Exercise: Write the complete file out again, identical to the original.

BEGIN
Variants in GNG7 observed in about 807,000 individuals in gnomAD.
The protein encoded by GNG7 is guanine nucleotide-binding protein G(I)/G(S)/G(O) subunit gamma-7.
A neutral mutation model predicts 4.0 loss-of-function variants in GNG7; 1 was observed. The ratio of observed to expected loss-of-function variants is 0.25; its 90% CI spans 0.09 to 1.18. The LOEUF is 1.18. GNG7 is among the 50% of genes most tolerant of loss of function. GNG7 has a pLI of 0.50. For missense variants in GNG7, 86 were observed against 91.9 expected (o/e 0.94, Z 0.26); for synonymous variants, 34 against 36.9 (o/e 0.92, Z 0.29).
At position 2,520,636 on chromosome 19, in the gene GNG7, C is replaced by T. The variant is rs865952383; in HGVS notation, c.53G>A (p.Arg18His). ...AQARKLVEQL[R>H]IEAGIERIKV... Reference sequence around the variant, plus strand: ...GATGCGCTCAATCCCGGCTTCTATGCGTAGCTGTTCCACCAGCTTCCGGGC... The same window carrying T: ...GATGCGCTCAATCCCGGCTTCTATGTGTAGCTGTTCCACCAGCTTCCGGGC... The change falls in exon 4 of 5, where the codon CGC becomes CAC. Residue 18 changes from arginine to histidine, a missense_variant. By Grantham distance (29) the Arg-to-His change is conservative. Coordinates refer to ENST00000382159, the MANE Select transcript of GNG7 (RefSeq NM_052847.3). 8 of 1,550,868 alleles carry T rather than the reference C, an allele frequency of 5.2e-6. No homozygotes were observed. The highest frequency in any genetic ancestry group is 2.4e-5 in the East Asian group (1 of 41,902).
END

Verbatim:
Variants in GNG7 observed in about 807,000 individuals in gnomAD.
The protein encoded by GNG7 is guanine nucleotide-binding protein G(I)/G(S)/G(O) subunit gamma-7.
A neutral mutation model predicts 4.0 loss-of-function variants in GNG7; 1 was observed. The ratio of observed to expected loss-of-function variants is 0.25; its 90% CI spans 0.09 to 1.18. The LOEUF is 1.18. GNG7 is among the 50% of genes most tolerant of loss of function. GNG7 has a pLI of 0.50. For missense variants in GNG7, 86 were observed against 91.9 expected (o/e 0.94, Z 0.26); for synonymous variants, 34 against 36.9 (o/e 0.92, Z 0.29).
At position 2,520,636 on chromosome 19, in the gene GNG7, C is replaced by T. The variant is rs865952383; in HGVS notation, c.53G>A (p.Arg18His). ...AQARKLVEQL[R>H]IEAGIERIKV... Reference sequence around the variant, plus strand: ...GATGCGCTCAATCCCGGCTTCTATGCGTAGCTGTTCCACCAGCTTCCGGGC... The same window carrying T: ...GATGCGCTCAATCCCGGCTTCTATGTGTAGCTGTTCCACCAGCTTCCGGGC... The change falls in exon 4 of 5, where the codon CGC becomes CAC. Residue 18 changes from arginine to histidine, a missense_variant. By Grantham distance (29) the Arg-to-His change is conservative. Coordinates refer to ENST00000382159, the MANE Select transcript of GNG7 (RefSeq NM_052847.3). 8 of 1,550,868 alleles carry T rather than the reference C, an allele frequency of 5.2e-6. No homozygotes were observed. The highest frequency in any genetic ancestry group is 2.4e-5 in the East Asian group (1 of 41,902).